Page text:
April 12 2003
This Allianz article gives you an idea of the lengths that Formula One teams go to in order to allow their drivers and team members work in the noisy world of F1. Drivers use special ear plugs while team members use head phones in order to deal with this noisy environment..
sitting in one of the world’s loudest workplaces needs good nerves – and
high-tech support. Formula 1 drivers use special earplugs and helmets to
suppress noise levels in the cockpit. There may be noise emission limits for
passenger cars, but there are none for an F1 car. The following tenet has
been valid in the development of passenger cars for some time now: they have
to be as quiet as possible.
When Formula 1 comes to Imola it is like being hit by an earthquake. Only a few metres away from the race circuit, thousands of fans cling to the slopes in front of the Rivazza corner to watch the San Marino Grand Prix. They will have paid out several hundred euros to spend a weekend on one of the loudest corners in the world. It is not only the unmistakable sound of the highly developed engines, but also their combined ear-piercing blare at more than 19,000 rpm, which makes the Formula 1 circus so fascinating. However, many spectators choose to protect themselves against the noise. They resort to perhaps uncomfortable, but tried-and-tested aids – they use earplugs.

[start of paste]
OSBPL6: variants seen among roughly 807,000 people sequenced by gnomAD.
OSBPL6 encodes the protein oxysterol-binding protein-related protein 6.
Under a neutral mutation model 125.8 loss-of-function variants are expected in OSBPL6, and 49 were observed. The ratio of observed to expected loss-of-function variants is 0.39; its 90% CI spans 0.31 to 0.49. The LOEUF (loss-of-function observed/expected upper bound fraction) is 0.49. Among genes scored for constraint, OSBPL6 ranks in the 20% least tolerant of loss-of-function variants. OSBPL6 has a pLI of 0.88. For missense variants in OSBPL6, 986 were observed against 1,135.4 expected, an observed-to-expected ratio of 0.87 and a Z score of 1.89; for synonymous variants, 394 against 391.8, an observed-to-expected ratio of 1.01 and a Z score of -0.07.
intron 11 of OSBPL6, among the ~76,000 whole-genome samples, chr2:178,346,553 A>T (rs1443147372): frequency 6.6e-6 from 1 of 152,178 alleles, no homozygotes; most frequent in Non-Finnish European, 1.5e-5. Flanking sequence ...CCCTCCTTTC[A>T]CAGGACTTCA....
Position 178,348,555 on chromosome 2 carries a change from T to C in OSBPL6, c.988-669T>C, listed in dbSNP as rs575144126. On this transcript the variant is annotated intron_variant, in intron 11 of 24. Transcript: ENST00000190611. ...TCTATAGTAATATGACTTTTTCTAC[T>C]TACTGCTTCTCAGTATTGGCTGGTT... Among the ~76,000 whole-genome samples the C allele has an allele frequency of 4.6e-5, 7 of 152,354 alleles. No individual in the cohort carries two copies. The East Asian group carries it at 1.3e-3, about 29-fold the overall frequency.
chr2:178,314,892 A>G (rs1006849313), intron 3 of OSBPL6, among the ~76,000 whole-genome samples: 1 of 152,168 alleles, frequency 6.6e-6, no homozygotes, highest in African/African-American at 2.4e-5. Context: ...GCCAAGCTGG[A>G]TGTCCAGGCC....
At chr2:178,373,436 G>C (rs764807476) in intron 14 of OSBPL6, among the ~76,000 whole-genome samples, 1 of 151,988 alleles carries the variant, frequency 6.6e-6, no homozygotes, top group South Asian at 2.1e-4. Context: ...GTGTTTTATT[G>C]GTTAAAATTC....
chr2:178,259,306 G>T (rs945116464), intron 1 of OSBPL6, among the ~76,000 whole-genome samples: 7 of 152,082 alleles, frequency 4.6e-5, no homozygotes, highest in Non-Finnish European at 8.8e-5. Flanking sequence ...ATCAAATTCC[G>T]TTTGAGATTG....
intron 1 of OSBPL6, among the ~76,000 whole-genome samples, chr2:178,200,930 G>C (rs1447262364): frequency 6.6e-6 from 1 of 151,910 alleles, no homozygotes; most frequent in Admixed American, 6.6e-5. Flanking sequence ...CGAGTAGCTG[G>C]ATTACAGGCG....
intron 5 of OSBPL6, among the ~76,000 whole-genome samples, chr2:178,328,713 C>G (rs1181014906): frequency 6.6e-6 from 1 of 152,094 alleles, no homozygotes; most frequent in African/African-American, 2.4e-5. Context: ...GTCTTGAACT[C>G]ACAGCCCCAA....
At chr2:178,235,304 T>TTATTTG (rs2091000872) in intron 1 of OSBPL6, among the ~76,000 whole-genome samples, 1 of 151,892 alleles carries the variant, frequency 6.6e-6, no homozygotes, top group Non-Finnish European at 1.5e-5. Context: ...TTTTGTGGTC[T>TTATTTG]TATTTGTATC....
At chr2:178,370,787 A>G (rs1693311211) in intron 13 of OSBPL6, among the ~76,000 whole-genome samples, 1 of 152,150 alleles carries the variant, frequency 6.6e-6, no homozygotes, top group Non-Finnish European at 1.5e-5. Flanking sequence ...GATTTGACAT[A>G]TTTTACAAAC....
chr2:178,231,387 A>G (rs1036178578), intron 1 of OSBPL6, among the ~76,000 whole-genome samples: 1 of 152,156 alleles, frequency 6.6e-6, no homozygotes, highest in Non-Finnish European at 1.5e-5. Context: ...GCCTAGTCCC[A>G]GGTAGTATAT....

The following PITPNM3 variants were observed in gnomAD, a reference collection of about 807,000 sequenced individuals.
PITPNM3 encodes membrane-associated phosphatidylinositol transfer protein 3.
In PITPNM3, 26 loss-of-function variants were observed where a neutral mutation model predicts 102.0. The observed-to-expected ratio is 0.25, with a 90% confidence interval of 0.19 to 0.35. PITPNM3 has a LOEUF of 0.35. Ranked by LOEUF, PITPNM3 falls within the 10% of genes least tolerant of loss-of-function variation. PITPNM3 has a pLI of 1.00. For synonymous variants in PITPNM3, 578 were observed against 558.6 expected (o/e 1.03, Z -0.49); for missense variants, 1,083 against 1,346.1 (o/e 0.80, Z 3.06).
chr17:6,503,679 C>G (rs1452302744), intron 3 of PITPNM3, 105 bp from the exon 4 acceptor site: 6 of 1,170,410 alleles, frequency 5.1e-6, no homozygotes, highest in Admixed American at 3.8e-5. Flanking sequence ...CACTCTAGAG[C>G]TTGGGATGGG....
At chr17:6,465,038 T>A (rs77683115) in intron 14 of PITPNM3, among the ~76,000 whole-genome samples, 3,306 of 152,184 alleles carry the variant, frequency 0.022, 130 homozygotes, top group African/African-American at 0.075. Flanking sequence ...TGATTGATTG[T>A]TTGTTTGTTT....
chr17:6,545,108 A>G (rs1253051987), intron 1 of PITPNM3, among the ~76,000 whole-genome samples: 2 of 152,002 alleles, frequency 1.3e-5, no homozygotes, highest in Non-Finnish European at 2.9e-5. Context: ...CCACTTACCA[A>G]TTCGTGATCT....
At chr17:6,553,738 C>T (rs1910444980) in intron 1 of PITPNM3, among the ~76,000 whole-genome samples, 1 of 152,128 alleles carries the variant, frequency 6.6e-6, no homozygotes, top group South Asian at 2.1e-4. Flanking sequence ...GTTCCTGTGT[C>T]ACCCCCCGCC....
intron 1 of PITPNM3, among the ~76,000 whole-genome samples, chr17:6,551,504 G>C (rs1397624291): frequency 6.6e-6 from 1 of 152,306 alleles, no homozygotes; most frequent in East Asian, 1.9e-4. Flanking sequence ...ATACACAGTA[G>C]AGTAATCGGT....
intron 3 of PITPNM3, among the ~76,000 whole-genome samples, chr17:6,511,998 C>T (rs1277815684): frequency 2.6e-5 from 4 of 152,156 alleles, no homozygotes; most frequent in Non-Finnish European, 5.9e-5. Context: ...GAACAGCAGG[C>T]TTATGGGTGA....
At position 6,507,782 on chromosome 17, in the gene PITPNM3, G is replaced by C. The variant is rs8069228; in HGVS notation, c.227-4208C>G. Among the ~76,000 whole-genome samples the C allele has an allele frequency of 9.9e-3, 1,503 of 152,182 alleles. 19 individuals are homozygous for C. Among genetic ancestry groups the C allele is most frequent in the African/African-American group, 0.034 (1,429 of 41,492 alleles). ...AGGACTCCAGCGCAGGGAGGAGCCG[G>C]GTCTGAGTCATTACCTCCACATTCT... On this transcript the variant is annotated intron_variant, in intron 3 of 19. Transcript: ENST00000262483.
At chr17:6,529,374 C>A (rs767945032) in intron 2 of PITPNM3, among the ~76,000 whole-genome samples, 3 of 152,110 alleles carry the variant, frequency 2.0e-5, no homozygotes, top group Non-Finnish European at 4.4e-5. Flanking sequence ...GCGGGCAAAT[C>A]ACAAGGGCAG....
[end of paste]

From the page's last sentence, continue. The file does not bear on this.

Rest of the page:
|Graphic courtesy of Allianz Click on image for larger version|
There is a good
reason for this: up to 130 decibels are measured on Formula 1 circuits –
this is exactly to the same sound intensity that one would hear standing 100
metres away from an aircraft’s jet engine. Even the stands, which are
positioned slightly further back, record up to 100 decibels. By way of a
comparison: in many countries, industrial safety regulations require hearing
protection to be worn beginning from 85 decibels and above. However, these
laws assume that the worker will be subject to these noise levels for
several hours at a time.
An earpiece is also fitted into the
earplugs, which enables the driver to hear team announcements. This ‘ear
button’ helps to provide a better sound quality than that of the previous
radio communication devices which were only mounted into a driver’s helmet.
By contrast, the latest high-tech helmets are equipped with microphones
which suppress distant noise and boost sound that is generated close to the
microphone. Thanks to these helmet designs, it has also been possible to
reduce the noise levels that drivers have to contend with down to 98